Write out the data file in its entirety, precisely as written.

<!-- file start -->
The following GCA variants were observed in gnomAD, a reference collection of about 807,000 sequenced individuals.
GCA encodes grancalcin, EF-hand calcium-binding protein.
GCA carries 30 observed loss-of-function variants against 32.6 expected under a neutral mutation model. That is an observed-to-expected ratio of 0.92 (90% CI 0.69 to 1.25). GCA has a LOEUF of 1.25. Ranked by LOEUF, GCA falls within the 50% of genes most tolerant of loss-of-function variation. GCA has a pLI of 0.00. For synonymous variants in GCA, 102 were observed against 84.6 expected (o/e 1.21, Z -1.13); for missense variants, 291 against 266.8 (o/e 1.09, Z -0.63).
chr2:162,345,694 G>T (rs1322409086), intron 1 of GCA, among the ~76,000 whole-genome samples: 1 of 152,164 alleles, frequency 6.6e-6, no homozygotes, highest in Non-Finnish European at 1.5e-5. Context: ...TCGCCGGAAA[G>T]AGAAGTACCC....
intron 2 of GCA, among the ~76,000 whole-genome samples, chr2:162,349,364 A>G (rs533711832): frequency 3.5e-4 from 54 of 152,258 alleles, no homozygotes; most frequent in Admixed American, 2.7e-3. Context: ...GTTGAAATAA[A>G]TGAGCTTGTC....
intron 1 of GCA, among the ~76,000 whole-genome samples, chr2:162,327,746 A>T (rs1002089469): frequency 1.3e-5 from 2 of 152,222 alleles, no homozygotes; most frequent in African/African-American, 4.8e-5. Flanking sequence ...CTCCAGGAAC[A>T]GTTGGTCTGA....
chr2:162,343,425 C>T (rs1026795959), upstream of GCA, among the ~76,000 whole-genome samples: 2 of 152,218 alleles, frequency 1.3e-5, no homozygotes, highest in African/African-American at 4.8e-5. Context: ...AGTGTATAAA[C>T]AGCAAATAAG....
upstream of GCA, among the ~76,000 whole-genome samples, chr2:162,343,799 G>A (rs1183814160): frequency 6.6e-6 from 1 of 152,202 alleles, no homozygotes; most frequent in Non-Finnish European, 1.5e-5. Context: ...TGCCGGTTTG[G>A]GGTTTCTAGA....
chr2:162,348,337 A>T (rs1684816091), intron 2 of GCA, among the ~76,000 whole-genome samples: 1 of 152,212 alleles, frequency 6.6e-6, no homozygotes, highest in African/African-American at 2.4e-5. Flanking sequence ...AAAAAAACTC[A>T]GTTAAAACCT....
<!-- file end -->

The following GCA variants were observed in gnomAD, a reference collection of about 807,000 sequenced individuals.
GCA encodes grancalcin, EF-hand calcium-binding protein.
GCA carries 30 observed loss-of-function variants against 32.6 expected under a neutral mutation model. That is an observed-to-expected ratio of 0.92 (90% CI 0.69 to 1.25). GCA has a LOEUF of 1.25. Ranked by LOEUF, GCA falls within the 50% of genes most tolerant of loss-of-function variation. GCA has a pLI of 0.00. For synonymous variants in GCA, 102 were observed against 84.6 expected (o/e 1.21, Z -1.13); for missense variants, 291 against 266.8 (o/e 1.09, Z -0.63).
chr2:162,345,694 G>T (rs1322409086), intron 1 of GCA, among the ~76,000 whole-genome samples: 1 of 152,164 alleles, frequency 6.6e-6, no homozygotes, highest in Non-Finnish European at 1.5e-5. Context: ...TCGCCGGAAA[G>T]AGAAGTACCC....
intron 2 of GCA, among the ~76,000 whole-genome samples, chr2:162,349,364 A>G (rs533711832): frequency 3.5e-4 from 54 of 152,258 alleles, no homozygotes; most frequent in Admixed American, 2.7e-3. Context: ...GTTGAAATAA[A>G]TGAGCTTGTC....
intron 1 of GCA, among the ~76,000 whole-genome samples, chr2:162,327,746 A>T (rs1002089469): frequency 1.3e-5 from 2 of 152,222 alleles, no homozygotes; most frequent in African/African-American, 4.8e-5. Flanking sequence ...CTCCAGGAAC[A>T]GTTGGTCTGA....
chr2:162,343,425 C>T (rs1026795959), upstream of GCA, among the ~76,000 whole-genome samples: 2 of 152,218 alleles, frequency 1.3e-5, no homozygotes, highest in African/African-American at 4.8e-5. Context: ...AGTGTATAAA[C>T]AGCAAATAAG....
upstream of GCA, among the ~76,000 whole-genome samples, chr2:162,343,799 G>A (rs1183814160): frequency 6.6e-6 from 1 of 152,202 alleles, no homozygotes; most frequent in Non-Finnish European, 1.5e-5. Context: ...TGCCGGTTTG[G>A]GGTTTCTAGA....
chr2:162,348,337 A>T (rs1684816091), intron 2 of GCA, among the ~76,000 whole-genome samples: 1 of 152,212 alleles, frequency 6.6e-6, no homozygotes, highest in African/African-American at 2.4e-5. Flanking sequence ...AAAAAAACTC[A>T]GTTAAAACCT....